Sylva (1977) divided the preschoolers into three groups. The first were allowed to play freely with the problem-solving materials prior to engaging in the task A second group watched as the experimenter solved the problem before they were asked to do it. Finally, a third group, the control, was given neither the play experience nor the opportunity to observe the problem being solved.
It was found that the children who either played with the materials in advance or watched an adult solve the problem became more successful problem solvers than those in the control group. More interesting was the finding that the play group appeared to be more highly motivated to solve the problem and worked at it more persistently than did the observation group, whose members either solved the problem immediately or simply gave up.
Divergent Problem Solving
Multiple-solution problems require the use of divergent problem-solving skills, the ability to branch out from a starting point and consider a variety of possible solutions. A person might be asked, for example, to list all the possible uses for a paper clip, besides holding pieces of paper together, of course. A child in a classroom might be asked to discuss the feelings George Washington may have had as he crossed the Delaware River, as opposed to simply providing the one correct answer to a question like "Which major battle was he preparing to fight?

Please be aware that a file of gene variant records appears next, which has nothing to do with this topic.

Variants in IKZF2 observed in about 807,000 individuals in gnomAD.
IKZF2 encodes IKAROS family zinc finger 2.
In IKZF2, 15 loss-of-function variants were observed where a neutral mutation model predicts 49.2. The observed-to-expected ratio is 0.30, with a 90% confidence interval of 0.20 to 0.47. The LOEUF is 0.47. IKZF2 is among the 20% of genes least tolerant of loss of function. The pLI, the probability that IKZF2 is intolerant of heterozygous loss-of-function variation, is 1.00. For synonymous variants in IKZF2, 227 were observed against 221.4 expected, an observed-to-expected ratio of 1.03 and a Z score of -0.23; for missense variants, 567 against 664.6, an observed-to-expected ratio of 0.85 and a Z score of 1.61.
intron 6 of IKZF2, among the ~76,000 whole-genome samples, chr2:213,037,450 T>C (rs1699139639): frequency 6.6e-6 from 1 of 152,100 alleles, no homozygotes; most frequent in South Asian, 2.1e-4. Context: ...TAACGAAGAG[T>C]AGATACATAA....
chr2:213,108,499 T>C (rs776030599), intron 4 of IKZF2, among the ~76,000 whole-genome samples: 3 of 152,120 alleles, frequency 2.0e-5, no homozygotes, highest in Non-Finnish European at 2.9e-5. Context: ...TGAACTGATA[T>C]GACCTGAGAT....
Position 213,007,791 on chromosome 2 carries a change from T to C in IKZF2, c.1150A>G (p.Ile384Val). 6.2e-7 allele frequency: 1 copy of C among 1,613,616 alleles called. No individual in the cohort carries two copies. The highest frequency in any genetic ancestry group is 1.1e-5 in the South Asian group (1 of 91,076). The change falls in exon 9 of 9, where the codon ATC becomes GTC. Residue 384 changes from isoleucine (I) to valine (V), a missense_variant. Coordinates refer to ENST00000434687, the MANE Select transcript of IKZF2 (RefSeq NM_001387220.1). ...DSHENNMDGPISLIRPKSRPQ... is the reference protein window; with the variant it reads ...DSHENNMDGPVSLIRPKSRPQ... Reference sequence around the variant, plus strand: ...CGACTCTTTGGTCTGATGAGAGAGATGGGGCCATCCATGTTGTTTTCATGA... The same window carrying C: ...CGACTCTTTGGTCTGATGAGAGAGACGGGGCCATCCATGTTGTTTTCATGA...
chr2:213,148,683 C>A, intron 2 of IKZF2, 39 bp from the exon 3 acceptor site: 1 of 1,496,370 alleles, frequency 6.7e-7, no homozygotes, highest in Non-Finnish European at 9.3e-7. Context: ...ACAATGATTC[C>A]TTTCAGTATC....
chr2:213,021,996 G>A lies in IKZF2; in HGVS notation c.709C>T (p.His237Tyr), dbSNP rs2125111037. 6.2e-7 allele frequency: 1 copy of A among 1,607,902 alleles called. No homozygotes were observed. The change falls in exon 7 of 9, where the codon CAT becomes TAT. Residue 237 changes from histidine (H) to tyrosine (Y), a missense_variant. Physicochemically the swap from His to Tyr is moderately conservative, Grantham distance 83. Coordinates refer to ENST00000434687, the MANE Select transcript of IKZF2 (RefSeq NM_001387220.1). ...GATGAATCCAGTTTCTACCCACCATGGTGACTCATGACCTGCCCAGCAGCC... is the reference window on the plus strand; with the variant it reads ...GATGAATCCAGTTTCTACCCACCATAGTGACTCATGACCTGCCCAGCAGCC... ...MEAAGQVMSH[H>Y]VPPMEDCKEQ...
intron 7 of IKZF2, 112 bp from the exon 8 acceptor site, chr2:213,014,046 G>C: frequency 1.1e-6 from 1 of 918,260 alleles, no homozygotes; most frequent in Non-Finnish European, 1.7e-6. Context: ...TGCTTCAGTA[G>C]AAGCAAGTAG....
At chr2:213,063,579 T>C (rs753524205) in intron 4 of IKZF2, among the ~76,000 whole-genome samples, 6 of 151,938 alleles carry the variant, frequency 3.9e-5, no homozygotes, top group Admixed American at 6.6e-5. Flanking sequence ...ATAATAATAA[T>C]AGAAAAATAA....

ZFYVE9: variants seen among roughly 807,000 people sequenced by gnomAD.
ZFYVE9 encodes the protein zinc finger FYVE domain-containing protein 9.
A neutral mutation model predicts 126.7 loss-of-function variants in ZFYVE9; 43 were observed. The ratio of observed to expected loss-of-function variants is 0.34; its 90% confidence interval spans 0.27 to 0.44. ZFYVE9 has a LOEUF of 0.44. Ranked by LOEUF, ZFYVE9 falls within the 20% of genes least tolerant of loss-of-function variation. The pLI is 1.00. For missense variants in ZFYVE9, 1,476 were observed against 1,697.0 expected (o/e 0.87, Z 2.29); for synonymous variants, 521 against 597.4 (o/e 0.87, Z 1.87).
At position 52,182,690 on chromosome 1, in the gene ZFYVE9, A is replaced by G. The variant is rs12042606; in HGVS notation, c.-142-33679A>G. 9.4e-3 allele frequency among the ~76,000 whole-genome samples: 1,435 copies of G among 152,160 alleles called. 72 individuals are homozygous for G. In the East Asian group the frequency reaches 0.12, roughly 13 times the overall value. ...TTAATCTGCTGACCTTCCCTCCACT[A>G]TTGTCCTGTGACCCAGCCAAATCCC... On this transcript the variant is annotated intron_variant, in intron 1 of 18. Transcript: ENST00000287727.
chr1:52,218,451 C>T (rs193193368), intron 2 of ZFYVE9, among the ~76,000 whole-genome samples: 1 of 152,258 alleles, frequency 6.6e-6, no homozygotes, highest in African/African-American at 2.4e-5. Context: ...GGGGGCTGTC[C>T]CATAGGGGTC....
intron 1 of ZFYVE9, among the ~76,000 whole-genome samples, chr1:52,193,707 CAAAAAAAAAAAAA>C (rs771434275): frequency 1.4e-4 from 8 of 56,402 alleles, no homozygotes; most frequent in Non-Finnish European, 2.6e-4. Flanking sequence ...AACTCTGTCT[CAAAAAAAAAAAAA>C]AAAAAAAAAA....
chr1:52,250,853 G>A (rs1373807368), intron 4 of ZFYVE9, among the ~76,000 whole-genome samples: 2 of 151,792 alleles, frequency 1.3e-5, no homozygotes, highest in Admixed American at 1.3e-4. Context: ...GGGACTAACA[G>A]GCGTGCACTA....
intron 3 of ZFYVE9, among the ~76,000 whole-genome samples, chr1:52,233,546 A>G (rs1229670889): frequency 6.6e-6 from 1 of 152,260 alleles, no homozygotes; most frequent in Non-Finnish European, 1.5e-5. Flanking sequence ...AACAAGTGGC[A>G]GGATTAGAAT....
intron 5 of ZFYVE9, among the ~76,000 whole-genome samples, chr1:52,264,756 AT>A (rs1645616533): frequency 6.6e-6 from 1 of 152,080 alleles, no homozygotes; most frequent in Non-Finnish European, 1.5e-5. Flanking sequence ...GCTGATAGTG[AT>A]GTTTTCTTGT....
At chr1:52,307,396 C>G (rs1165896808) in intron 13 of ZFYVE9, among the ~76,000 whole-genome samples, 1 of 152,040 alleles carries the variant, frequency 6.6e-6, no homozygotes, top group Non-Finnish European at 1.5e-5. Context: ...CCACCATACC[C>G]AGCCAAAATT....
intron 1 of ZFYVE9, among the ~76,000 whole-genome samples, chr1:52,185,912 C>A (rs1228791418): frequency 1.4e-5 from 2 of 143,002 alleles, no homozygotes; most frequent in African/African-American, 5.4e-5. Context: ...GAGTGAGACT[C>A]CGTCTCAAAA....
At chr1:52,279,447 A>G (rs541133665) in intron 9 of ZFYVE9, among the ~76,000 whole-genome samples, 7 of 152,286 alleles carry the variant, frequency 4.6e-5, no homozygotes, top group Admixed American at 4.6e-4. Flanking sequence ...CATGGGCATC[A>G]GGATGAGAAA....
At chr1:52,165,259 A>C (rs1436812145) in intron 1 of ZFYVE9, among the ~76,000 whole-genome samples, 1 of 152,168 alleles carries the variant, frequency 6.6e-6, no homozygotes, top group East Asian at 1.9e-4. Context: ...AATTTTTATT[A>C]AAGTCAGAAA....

Divergent problem solving has often been linked to the processes involved in creativity, whereas convergent problem solving has been related to performance on conventional intelligence and classroom tests, on which there are usually single correct answers (Guilford, 1967). The distinction is not quite so simple, however. Although many studies have found correlations between divergent problem-solving ability and various measures of creativity, many others have not (Kogan, 1983; Wallach, 1985). What is more, convergent problem solving may also be involved in creativity, particularly in the area of the natural sciences; it seems fair to say that both types of problem solving are involved in varying degrees in the creative process (Barron & Harrington, 1981; Hudson, 1966).
It was noted earlier that studies linking play and single-solution, or convergent, problem solving typically examined the impact of prior play experience with the materials used in solving such problems. Research on divergent problem solvving has also examined the role of prior play with objects, but more often it has investigated the impact on divergent problem solving of pretense, or fantasy, play.
Is it possible to help children improve their divergent problem-solving skills by providing them with appropriate types of objects to play with? In fact, there does appear to be a relationship between divergent problem-solving ability and the characteristics of children's play materials (Pepler & Ross, 1981; Smith & Dutton, 1979; Sylva, Bruner, & Genova, 1976). Consider the findings of Pepler and Ross (1981), who gave 64 preschool children the opportunity to play repeatedly with convergent materials (e.g., puzzles with one correct solution) or divergent materials (e.g., blocks, which can be assembled in a variety of ways). Later, the children in the two groups were asked to solve a variety of problems, and their problem-solving approaches were examined.